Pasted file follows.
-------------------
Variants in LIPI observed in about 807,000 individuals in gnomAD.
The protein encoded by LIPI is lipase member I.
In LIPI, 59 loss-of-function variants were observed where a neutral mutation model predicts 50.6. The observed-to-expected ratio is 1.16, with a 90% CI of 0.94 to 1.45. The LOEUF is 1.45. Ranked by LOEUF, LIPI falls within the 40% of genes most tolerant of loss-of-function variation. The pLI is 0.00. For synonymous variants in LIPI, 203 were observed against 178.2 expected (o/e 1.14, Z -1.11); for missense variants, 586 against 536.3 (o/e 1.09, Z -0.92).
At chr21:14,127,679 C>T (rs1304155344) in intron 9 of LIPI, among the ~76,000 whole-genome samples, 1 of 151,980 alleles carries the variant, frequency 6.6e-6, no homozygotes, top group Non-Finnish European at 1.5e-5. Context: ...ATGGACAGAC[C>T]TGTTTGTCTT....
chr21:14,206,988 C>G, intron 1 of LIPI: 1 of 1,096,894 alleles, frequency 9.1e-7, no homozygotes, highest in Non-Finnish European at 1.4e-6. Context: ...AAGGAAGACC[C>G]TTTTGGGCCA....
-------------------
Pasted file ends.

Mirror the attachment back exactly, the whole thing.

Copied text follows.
Variants in LIPI observed in about 807,000 individuals in gnomAD.
The protein encoded by LIPI is lipase member I.
In LIPI, 59 loss-of-function variants were observed where a neutral mutation model predicts 50.6. The observed-to-expected ratio is 1.16, with a 90% CI of 0.94 to 1.45. The LOEUF is 1.45. Ranked by LOEUF, LIPI falls within the 40% of genes most tolerant of loss-of-function variation. The pLI is 0.00. For synonymous variants in LIPI, 203 were observed against 178.2 expected (o/e 1.14, Z -1.11); for missense variants, 586 against 536.3 (o/e 1.09, Z -0.92).
At chr21:14,127,679 C>T (rs1304155344) in intron 9 of LIPI, among the ~76,000 whole-genome samples, 1 of 151,980 alleles carries the variant, frequency 6.6e-6, no homozygotes, top group Non-Finnish European at 1.5e-5. Context: ...ATGGACAGAC[C>T]TGTTTGTCTT....
chr21:14,206,988 C>G, intron 1 of LIPI: 1 of 1,096,894 alleles, frequency 9.1e-7, no homozygotes, highest in Non-Finnish European at 1.4e-6. Context: ...AAGGAAGACC[C>G]TTTTGGGCCA....